Video encoding i7 2.8 vs. i7 3.4

Discussion in 'iMac' started by yustas, Jun 28, 2011.

  1. yustas macrumors regular

    Joined:
    Dec 11, 2009
    #1
    When it comes to video encoding and DVD creation using iMovie, how much of a difference there is between 21" i7 2.8 vs. 27" i7 3.4? I know that 3.4 i7 is faster, but what about the video card, does it make a difference?

    Also, with only 512 MB video memory on 21" i7 2.8, is it enough video memory to run Windows 7 via Parallels?
     
  2. iMikeT macrumors 68020

    Joined:
    Jul 8, 2006
    Location:
    California
    #2
    Video encoding is a processor intensive task. You should notice approximately a 21% increase in performance from the 3.4GHz CPU versus the 2.8GHz.
     
  3. yustas thread starter macrumors regular

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    Dec 11, 2009
    #3
    That sounds like a lot. Where have you seen this benchmark?
     
  4. mrfoof82 macrumors 6502a

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    May 26, 2010
    Location:
    Lawton, OK
    #4
    Video encoding doesn't really need a benchmark across different CPUs clock speeds for the same architecture. It scales almost perfectly linearly with CPU performance. Transactional database performance pretty much follows the same rule -- it scales almost perfectly linearly with clock speed. 10% faster clock = 10% lower processing times.

    This is almost always the case with any "embarrassingly parallel" task where the data can be easily partitioned prior to work, and video encoding is unquestionably under that umbrella.
     
  5. pawtracks macrumors regular

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    Dec 11, 2009
    Location:
    Seattle, WA
    #5
    Here are some numbers to look at Link

    I have a 2009 27" 2.8GHz i7 and a 2011 27" 3.4GHz i7 SSD.
    Not exactly what you are asking but maybe I will do a side by side handbrake comparison and see how they stack up.
     
  6. yustas thread starter macrumors regular

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    Dec 11, 2009
    #6
    What about 512 MB of video memory? I do not play games, but what are the limitations of having 512 MB vs. 1 GB in terms of using Photoshop, iMovie, running Parallels and using an additional monitor?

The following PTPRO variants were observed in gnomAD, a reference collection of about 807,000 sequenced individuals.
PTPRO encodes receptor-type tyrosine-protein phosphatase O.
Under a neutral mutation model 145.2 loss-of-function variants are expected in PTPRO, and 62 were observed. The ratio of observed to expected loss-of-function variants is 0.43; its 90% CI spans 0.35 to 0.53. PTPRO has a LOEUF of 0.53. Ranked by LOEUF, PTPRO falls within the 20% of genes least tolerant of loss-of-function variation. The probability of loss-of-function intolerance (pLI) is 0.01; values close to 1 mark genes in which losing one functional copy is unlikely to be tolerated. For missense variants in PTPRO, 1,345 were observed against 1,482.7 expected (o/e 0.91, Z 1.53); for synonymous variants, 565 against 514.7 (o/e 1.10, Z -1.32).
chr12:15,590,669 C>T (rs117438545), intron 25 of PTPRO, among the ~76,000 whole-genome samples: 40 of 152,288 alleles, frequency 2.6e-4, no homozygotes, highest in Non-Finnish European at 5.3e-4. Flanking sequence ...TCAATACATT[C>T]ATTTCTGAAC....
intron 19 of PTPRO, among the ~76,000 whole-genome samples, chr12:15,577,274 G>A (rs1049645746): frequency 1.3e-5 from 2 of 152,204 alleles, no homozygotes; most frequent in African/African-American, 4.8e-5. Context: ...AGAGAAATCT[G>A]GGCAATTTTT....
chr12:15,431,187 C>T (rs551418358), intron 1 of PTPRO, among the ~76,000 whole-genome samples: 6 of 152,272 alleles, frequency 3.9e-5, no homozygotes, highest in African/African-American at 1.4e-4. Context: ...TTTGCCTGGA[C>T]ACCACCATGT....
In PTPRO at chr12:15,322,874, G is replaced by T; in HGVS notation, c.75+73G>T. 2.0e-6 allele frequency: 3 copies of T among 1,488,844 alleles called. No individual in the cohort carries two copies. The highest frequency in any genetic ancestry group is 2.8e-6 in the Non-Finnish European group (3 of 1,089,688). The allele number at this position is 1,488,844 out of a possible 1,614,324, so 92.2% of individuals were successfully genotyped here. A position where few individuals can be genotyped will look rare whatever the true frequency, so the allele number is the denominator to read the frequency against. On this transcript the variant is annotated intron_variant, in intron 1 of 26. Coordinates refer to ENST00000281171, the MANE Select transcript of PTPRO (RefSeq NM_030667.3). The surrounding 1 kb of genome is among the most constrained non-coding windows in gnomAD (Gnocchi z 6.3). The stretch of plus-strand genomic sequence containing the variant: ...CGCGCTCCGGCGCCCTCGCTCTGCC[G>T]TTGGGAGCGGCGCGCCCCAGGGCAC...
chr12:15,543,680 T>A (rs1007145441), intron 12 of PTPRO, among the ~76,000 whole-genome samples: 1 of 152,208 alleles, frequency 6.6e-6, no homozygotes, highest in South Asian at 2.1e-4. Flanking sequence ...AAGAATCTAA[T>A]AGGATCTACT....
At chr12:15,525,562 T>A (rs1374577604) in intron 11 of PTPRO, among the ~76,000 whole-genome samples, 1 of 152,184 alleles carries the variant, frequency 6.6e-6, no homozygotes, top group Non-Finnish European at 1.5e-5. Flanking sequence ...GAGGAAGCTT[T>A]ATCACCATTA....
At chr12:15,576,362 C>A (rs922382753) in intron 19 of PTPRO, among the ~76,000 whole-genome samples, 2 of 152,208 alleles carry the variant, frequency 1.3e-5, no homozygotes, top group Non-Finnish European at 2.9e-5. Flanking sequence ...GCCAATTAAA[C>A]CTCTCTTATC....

7. yustas thread starter macrumors regular

    Joined:
    Dec 11, 2009
    #7
    Thanks you! Exactly what I was looking for, but I am not sure I understand some of the numbers.

    For example, Speedmark 6.5 individual application test results: Parallels World-Bench Multitask test:

    21.5-inch iMac 2.8GHz Core i7 (BTO): 254
    27-inch iMac 3.4GHz Core i7 (BTO): 226

    It says: "All other test results in the above chart are in seconds; lower results are better," - okay, so in this test 3.4 i7 is faster, but faster doing what in Parallels? 28 seconds is not a lot, unless we are talking about opening apps, of course. Is it 28 seconds faster opening apps or...?
     
  8. rupnok macrumors member

    Joined:
    Jul 22, 2002
    #8
    One thing to keep in mind with all those benchmarks, is they are short burst. Meaning, you get to see performance under peak Turbo. I am way more interested in benchmarks for long encoding/sustained usage. As heat builds, particularly on the low TDP 2.8 i7, I would assume it wouldn't be able to Turbo up as much.

    I can't believe that the 2.2 Ghz i7 in the MBP is on par with the 3.1 i5, other than the benchmarks are point-in-time, and not indicative of ongoing use/heat build up.
     
  9. pawtracks macrumors regular

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    Dec 11, 2009
    Location:
    Seattle, WA
    #9
    World-Bench is a common benchmark to compare systems. Sounds like they ran a specific world bench test or series of tests using a parallels VM (virtual machine) since it only runs on a PC (OS), not a Mac (OS). and yes, the 3.4 i7 did the "test" 28 seconds faster than the 2.8 i7, 11% faster is 11% faster, in that particular test.
     
  10. yustas thread starter macrumors regular

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    Dec 11, 2009
    #10
    But what does this test do?
     
  11. pawtracks macrumors regular

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    Dec 11, 2009
    Location:
    Seattle, WA
    #11
    Tests a system to see how fast it can perform certain tasks, then you have a benchmark for comparison. Not a simple answer, "this is what it does", it depends on what you tell it to do and what programs are installed, what you want to benchmark, what you intend to use, etc...

    I wouldn't worry too much about the details, just understand how to read the scores to see which is superior to the other.

    Wiki
     

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